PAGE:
Still, Rory doesn't see what he's doing in Ireland as any kind of "service."

" The press about what's going on over here has frightened people, " he explains,
"and I suppose if I was English or American, I'd think twice about coming here. The sad fact is that there are new rock fans fans growing up, and they need to hear live stuff. So I suppose you could call it a service in a very small way, but I feel it's the least you could do if you grew up playing in theses areas and you have a sort of following here. You can't ostracize them all of a sudden because of this or that."

Rory first gained fame in Ireland at the age of 17 when he formed the blues-based trio Taste in 1965. He has spent time at Marquee in London, watching acts like the Yardbirds and the Spencer Davis Group, and when he took Taste to London in 1969, they became along with Cream- one of the pioneer power blues trios. Taste toured America with Blind Faith in 1970, before disbanding the following year. He soon formed his own band with bassist Gerry McAvoy, who's presently still at his side, and today, with Clapton transformed into J.J Cale, Beck off into his jazz tangents and Page in semi retirement- Rory Gallagher is probably the last of the great British blues guitarists still going strong.

No less a blues critic than Ed Ward has called him one of the the best: a traditionalist at heart, Gallagher cites as primary influences Muddy Waters, Leadbelly, Woody Guthrie, Buddy Guy, Junior Wells ( R.G'.s a great harpist as well), John Hammond, Hubert Sumlin, Rudy Johnson (the latter two guitarists with Howlin' Wolf), Eddie Cochran, Buddy Holly, Gene Vincent, Link Wray. They should build a statue to that man-you can hear the roots of the Who and the Kinks in all his early recordings"), Chuck Berry, Elvis ("Even when he was terrible, he was still the greatest") and Lonnie Mack.

He's a walking encyclopedia of rock n' roll (not to mention an expert film buff) and, with his time and experience in the " business, " could fill a book with hilarious personal anecdotes about people like Ginger Baker, Janis Joplin, Roxy Music, T-Rex, Captain Beefheart ("a psychedelic Howlin' Wolf ), David Crosby & the Byrds, Elvis P ( brother Donal has a strong theory the the King was actually assassinated) and Bob Dylan. ( Regarding the latter, he says he'd love to see Zimmy record Highway 61 for the 80's and let him recreate the Michael Bloomfield role). He was on of the top contenders to replace Mick Taylor in the Rolling Stones. He's recorded sessions with Muddy Waters ( "That was the Holy Grail"), Lonnie Donegan ( the skiffle star who was a major influence on the early British Invasion) and Jerry Lee Lewis ( he taught the Killer the words and music to " Satisfaction" and the unreleased track is hiding in a record company vault somewhere ). And just so you don't think he's some old fogey, it should be noted that amid his tapes of James Brown, Elvis, Bo Diddley, Johnny Kidd & the Pirates, the Stones, Johnny Paycheck(?!) and Chuck Berry, he found time to also play Big Country and Elvis Costello, the latter who he lists as the contemporary artist he most admires. He can discuss the Clash or " new music " with the best of them.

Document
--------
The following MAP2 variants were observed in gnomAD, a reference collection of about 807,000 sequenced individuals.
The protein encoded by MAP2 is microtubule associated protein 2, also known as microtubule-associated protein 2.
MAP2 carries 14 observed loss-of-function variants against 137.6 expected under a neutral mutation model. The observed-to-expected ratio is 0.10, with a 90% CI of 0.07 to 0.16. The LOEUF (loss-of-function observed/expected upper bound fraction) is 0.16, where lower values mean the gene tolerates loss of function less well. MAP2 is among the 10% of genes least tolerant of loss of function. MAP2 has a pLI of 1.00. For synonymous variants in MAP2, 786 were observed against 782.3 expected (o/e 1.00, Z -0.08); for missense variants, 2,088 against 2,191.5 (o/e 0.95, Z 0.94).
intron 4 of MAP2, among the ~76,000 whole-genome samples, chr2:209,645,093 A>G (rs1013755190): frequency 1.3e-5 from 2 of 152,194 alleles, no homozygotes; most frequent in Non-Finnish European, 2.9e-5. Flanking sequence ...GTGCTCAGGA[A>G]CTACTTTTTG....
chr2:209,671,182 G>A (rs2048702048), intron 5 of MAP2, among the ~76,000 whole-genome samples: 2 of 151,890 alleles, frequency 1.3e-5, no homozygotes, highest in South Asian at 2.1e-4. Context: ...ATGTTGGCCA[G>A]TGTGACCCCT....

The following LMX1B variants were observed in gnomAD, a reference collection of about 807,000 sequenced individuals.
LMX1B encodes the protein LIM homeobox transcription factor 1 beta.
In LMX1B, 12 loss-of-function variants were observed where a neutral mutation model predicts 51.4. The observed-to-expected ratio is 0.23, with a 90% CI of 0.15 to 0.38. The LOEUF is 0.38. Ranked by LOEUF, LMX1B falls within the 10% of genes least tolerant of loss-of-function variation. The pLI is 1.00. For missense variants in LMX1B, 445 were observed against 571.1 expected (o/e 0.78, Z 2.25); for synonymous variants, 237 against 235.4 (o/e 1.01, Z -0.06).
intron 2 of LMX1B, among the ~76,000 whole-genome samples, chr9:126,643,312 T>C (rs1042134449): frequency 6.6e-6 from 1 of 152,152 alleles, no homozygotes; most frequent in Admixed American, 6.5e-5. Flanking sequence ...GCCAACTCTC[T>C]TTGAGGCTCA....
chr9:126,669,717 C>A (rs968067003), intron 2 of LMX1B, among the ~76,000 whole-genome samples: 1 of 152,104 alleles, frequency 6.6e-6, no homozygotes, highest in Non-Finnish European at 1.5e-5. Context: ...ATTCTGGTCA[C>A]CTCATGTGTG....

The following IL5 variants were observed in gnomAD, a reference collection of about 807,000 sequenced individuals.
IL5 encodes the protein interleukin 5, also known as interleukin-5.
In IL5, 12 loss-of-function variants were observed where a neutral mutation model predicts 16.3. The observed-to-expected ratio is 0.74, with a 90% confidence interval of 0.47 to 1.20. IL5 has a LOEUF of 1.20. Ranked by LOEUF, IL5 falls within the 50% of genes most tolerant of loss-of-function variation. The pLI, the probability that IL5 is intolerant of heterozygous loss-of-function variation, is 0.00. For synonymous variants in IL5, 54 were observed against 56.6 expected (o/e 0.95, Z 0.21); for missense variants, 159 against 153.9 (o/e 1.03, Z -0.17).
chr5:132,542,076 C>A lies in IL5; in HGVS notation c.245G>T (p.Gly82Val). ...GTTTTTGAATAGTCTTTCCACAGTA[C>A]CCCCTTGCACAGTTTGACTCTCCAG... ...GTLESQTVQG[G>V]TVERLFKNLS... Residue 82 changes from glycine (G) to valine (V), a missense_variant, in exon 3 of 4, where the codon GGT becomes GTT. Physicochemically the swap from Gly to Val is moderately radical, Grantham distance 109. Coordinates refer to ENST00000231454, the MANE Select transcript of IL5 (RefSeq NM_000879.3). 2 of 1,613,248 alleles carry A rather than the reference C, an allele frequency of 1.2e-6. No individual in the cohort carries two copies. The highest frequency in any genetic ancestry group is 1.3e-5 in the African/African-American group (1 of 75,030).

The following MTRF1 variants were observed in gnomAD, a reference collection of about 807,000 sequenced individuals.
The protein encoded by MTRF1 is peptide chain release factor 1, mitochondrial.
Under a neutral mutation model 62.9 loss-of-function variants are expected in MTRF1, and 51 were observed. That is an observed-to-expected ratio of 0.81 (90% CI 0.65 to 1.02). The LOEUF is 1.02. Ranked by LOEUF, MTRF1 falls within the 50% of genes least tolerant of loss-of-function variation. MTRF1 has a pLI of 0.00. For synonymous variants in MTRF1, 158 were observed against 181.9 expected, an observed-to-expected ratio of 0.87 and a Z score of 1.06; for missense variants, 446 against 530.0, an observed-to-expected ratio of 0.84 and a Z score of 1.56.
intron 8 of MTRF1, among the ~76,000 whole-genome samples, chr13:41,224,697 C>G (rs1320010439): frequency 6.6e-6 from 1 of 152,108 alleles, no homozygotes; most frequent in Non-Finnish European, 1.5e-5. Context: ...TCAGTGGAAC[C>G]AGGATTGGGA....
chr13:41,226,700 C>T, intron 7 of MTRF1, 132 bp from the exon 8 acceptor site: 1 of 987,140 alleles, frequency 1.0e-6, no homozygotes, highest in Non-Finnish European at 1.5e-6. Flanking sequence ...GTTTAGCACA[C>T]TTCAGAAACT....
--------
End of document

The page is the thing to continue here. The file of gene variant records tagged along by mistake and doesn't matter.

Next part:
In fact, part of Rory's Irish audience wear punk haircuts and wear Clash T-shirts, but most of those chanting "RO-RY" ( reminiscent of those chanting "BROOCE" in America) are your typical heavy metal army in spiked wristbands, leather or denim and the archetypal devil/demon T-shirts. Rory- who resembles a softer Richie Blackmore or harder Jimmy Page onstage- works those kids into a frenzy: I never really understood the term " headbanging" until I saw this crew. It looks like they're about to whip their heads out of their sockets, They play air guitars, they dance manically together in what resembles some tribal ritual of male bonding, and even lie on the floor, rolling and convulsing. Actually, the Rory Gallagher concerts I saw reminded me of the melodic, blues-based "heavy metal" I liked when I was younger, and it gave me a new respect and appreciation for hard rock again- although Rory is one of the few ( ZZ Top also immediately come to mind) playing the real stuff.